This is a guide to creating an in-character looking mask for Empire. It has been approved by members of our COVID health team, so if you make or modify a mask in accordance with the guidance laid out here then it should be suitable for Empire.

Mask Requirements

  • Face masks are optional while outdoors at the event
  • Face masks will be required in Profound Decisions tents and IC buildings when not public speaking or eating or drinking unless exempt
  • A simple bandana or single strip of cloth pulled up over the mouth does not meet our requirements
  • It is always OK to wear modern medical masks at Empire, whether visibly or covered with a more IC looking cloth or scarf

You will be required to wear a face mask when you are in a Profound Decisions communal tent or structure with one or more sides and a roof, unless you are mask-exempt. This includes the GOD tent, the Conclave, the Academy, Senate, Military Council, the Hub, our encounter tents, and when ordering from the bar at Anvil. We will raise some of the tent walls on our tents to increase the ventilation - if we are able to raise all the sides then we will do so. You do not have to wear a face mask while in any Profound Decisions tent or structure that has no walls on any sides. Participants may remove face masks while eating or drinking, and while public speaking to address a large group of players, such as when addressing Conclave or Senate.

Medical face masks are covered by our rules for accessibility aids - this means it is always acceptable to wear a modern medical mask at Empire. If you want to cover the mask with a more in-character looking cloth or scarf then you can do that, or you can make or modify a mask in accordance with these guidelines if you wish to do so.

Buying and embellishing cloth masks

Look for masks with either three layers of cotton, or two layers of cotton and a non-woven filter layer. This is the best compromise between filtering out virus-containing droplets and still being able to breathe.

You cannot use anything calling itself a buff or snood or other stretchy cloth that covers the lower half of the face unless it has an actual facemask with filter built into it. These do not meet PD regulations even if made from cloth that claims to have antiviral properties. Do not attempt to use a leather mask, you will breathe around it not through it.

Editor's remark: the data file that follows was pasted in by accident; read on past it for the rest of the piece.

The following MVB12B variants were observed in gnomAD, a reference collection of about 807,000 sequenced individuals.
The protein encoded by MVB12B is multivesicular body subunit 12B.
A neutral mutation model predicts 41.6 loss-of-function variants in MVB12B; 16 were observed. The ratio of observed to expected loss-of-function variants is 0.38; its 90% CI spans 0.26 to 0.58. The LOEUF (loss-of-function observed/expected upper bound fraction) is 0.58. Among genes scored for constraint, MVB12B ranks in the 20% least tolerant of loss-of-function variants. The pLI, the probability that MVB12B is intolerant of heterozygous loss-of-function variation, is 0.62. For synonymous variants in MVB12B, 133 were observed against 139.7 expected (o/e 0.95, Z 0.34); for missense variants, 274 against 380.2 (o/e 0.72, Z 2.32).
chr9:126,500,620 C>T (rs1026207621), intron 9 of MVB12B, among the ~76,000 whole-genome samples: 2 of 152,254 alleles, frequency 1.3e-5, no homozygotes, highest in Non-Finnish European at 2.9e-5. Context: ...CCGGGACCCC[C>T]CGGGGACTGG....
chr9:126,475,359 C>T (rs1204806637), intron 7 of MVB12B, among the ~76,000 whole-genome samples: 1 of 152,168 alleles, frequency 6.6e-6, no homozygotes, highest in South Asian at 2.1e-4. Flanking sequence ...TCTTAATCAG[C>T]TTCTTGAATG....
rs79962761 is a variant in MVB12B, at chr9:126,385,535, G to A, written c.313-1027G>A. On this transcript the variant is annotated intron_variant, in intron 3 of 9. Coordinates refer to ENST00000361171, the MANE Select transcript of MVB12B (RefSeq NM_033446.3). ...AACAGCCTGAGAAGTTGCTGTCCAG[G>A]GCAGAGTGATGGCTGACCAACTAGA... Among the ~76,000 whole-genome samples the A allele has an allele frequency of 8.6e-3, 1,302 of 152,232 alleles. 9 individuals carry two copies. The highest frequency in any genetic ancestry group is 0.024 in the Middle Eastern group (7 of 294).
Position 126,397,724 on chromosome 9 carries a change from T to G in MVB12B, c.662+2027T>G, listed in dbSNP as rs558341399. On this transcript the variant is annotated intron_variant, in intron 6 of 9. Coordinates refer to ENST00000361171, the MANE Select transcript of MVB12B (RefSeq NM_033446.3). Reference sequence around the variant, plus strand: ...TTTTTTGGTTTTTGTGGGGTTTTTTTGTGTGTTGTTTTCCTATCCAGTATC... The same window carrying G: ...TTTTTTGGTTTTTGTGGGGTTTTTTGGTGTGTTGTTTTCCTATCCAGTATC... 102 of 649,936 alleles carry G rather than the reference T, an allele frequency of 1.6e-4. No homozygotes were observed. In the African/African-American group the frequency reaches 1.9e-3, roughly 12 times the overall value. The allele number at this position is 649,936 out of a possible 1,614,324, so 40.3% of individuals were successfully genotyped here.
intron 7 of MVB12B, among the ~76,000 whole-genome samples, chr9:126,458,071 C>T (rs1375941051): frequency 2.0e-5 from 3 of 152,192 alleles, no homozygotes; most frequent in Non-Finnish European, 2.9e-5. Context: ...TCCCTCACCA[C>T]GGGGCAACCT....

If you're embroidering onto a premade mask, embroider on the outer layer only! You don't want to make stitching holes all the way through the mask. Try to stick to light designs that don't cover too much of the surface because you want to be able to breathe through it. The same guidance applies to painting a mask - don't cover too much of the surface with paint, you need to breathe! Craft-grade acrylic paint will work and should be non-toxic because they sell it to kids.

Covering a purchased mask with lace or net fabric is fine, but test it carefully. Adding an extra layer may make it too thick to breathe through. UK regulations prohibit beads, glitter or sequins on face coverings due to the risk of inhalation. Please do not modify your mask by adding anything you could conceivably inhale - you do not want glitter in your lungs!

If you have a mask that looks good but is not protective (eg it's too thin, or made of leather with ventilation holes) then you can wear it over the top of a disposable surgical mask. This also applies to masks with valves - you need protection while breathing both in and out!

If you are using cloth masks, bring a spare and keep it dry. Wet masks are both uncomfortable and not as protective as dry ones.

Making IC looking cloth masks

Face coverings should be made of material that you can breathe through that isn't loose-woven. Quilting cotton (the sort of thing pillowcases are made of) is a good compromise that will look acceptable in-character but still protects. You might find tightly woven linen cloth but make sure the fibres are small and the holes are even smaller. A good search term for mottled/subtly colour-shaded fabrics that are slightly more interesting than working with plain colours is “quilt blender”.

You want two layers of this, with a filter layer ideally of meltblown polyester (search ebay for mask filter fabric!) or failing that, a third layer of the outer fabric, or t-shirt fabric.

If you are embroidering the mask, make sure to only embroider the outer layer so you don't put stitching holes through the entire mask that will let droplets through.

Some free patterns that have been tested; all but the first come in multiple sizes. To add a sewn-in filter layer, just cut it out along with the lining and treat the two as one fabric:


Thanks to Rosemary Warner for the contents of this page.